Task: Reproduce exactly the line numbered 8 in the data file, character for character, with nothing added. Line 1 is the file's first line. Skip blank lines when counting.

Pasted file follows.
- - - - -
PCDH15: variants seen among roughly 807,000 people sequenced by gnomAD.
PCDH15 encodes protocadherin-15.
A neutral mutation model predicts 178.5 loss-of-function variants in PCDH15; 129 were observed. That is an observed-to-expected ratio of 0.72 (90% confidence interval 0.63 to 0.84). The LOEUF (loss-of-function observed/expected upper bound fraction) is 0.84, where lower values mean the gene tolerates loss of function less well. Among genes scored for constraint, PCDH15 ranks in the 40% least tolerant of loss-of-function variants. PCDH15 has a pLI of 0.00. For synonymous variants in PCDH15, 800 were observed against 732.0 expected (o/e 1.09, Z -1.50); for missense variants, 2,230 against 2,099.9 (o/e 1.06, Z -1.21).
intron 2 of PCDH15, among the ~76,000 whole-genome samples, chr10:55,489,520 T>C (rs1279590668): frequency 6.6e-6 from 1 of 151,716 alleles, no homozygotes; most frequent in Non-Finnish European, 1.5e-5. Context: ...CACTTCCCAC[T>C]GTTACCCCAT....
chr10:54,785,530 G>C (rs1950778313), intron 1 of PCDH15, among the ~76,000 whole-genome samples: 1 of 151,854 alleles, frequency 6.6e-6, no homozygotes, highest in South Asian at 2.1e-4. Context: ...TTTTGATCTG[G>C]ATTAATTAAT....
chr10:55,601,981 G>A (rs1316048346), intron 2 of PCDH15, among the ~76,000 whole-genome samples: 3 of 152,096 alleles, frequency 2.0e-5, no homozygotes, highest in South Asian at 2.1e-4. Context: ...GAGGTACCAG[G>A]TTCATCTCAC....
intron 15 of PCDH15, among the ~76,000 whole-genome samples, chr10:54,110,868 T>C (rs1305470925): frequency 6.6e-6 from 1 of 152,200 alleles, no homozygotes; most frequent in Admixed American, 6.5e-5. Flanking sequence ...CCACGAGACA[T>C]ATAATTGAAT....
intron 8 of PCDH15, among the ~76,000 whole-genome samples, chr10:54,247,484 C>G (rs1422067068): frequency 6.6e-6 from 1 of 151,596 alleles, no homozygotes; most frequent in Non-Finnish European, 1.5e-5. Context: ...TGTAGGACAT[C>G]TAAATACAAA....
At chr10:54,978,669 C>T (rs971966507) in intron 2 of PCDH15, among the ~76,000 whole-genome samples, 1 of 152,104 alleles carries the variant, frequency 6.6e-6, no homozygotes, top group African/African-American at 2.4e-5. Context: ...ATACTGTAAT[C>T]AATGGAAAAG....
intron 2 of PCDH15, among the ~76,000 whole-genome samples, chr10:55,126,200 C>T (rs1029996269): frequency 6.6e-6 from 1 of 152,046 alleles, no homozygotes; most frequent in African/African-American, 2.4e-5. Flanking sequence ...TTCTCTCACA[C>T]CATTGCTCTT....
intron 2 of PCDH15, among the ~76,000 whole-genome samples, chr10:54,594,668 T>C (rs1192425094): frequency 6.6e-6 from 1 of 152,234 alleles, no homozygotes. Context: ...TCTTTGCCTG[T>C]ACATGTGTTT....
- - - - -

intron 8 of PCDH15, among the ~76,000 whole-genome samples, chr10:54,247,484 C>G (rs1422067068): frequency 6.6e-6 from 1 of 151,596 alleles, no homozygotes; most frequent in Non-Finnish European, 1.5e-5. Context: ...TGTAGGACAT[C>G]TAAATACAAA....